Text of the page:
Epidemiology and Infection
Volume 140, Issue 2
Alphavirus Infections--epidemiology; Culicidae--physiology; Insect Vectors--physiology; Ross River virus--physiology
In Australia, Ross River virus (RRV) is predominantly identiﬁed and managed through passive health surveillance. Here, the proactive use of environmental datasets to improve community-scale public health interventions in southeastern Tasmania is explored. Known environmental drivers (temperature, rainfall, tide) of the RRV vector Aedes camptorhynchus are analysed against cumulative case records for ﬁve adjacent local government areas (LGAs) from 1993 to 2009. Allowing for a 0- to 3-month lag period, temperature was the most signiﬁcant driver of RRV cases at 1-month lag, contributing to a 23. 2% increase in cases above the long-term case average. The potential for RRV to become an emerging public health issue in Tasmania due to projected climate changes is discussed. Moreover, practical outputs from this research are proposed including the development of an early warning system for local councils to implement preventative measures, such as public outreach and mosquito spray programmes.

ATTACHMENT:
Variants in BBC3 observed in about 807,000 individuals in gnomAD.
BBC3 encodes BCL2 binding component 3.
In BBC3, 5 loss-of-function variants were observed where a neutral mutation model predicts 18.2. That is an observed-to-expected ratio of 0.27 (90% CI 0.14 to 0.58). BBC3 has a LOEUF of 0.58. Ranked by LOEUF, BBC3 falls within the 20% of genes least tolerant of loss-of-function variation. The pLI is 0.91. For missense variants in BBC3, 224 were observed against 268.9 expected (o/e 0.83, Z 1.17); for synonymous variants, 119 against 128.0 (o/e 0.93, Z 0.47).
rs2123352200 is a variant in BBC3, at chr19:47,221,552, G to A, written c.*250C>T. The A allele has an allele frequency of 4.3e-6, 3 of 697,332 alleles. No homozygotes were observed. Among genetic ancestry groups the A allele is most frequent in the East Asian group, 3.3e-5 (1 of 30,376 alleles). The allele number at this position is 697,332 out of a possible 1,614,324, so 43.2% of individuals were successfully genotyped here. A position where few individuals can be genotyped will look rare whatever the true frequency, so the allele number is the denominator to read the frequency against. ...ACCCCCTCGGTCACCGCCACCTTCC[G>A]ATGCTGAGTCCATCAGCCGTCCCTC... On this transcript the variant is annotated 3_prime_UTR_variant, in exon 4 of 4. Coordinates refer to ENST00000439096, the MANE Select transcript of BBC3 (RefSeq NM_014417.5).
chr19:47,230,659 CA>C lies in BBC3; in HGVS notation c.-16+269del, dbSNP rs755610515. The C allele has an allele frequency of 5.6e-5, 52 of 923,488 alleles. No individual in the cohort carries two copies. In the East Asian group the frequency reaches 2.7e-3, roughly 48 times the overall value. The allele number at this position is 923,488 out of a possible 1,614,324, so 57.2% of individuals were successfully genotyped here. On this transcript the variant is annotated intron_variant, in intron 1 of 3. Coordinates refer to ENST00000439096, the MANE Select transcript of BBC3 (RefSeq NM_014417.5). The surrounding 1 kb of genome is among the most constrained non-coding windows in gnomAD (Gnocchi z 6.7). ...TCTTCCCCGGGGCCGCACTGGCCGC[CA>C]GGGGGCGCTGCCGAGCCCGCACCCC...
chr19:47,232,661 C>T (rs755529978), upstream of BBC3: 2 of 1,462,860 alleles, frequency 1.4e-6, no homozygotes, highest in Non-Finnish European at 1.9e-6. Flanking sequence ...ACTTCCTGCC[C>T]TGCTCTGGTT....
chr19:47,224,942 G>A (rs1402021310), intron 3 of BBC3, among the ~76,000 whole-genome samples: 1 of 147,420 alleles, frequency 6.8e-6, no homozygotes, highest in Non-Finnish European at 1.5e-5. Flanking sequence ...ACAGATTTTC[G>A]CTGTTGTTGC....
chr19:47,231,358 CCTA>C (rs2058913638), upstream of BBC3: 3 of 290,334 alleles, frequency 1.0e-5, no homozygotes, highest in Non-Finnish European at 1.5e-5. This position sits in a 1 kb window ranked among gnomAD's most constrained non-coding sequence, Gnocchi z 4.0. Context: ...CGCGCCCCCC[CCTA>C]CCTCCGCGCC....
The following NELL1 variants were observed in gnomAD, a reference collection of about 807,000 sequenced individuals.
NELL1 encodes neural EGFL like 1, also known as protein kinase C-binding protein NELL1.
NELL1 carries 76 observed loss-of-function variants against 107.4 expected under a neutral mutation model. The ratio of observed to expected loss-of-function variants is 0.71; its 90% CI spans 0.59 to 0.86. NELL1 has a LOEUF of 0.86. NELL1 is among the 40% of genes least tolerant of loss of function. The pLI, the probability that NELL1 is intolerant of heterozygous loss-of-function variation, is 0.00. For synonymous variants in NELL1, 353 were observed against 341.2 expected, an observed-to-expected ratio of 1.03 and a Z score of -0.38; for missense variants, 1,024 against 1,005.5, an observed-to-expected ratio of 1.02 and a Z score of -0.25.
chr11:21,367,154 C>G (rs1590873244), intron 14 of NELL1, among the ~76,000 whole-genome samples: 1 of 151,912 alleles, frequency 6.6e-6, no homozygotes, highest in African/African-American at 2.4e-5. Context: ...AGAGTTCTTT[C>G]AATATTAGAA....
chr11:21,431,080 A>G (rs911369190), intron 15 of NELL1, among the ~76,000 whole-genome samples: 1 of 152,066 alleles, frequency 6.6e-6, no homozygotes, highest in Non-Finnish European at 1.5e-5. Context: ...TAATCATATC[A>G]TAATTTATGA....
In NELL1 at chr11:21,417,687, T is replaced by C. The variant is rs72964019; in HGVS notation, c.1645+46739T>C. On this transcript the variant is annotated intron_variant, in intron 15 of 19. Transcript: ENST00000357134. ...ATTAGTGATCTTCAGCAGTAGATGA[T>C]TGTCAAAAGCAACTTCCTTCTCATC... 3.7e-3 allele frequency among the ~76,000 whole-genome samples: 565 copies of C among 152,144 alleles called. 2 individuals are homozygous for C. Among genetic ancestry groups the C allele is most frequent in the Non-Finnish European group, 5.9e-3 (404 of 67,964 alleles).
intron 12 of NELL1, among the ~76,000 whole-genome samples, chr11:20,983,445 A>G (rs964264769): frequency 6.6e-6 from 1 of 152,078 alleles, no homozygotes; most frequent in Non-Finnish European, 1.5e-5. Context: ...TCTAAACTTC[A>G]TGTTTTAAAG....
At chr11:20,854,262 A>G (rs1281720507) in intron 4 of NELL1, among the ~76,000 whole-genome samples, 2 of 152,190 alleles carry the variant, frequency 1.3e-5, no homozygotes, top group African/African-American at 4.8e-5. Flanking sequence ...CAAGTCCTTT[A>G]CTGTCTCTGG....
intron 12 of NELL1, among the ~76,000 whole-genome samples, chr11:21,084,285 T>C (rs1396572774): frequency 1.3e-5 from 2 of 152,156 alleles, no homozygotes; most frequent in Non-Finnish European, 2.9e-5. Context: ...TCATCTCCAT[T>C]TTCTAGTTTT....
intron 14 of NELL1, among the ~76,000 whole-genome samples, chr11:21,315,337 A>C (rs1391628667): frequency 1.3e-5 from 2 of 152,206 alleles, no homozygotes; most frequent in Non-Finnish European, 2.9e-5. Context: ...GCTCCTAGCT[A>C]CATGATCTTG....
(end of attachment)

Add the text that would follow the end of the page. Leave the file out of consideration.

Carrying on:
Werner, A.K., Goater, S., Carver, S., Robertson, G., Allen, G.R., Weinstein, P. (2012). Environmental drivers of Ross River virus in southeastern Tasmania, Australia: Towards strengthening public health interventions. Epidemiology and Infection, 140(2), 359-371.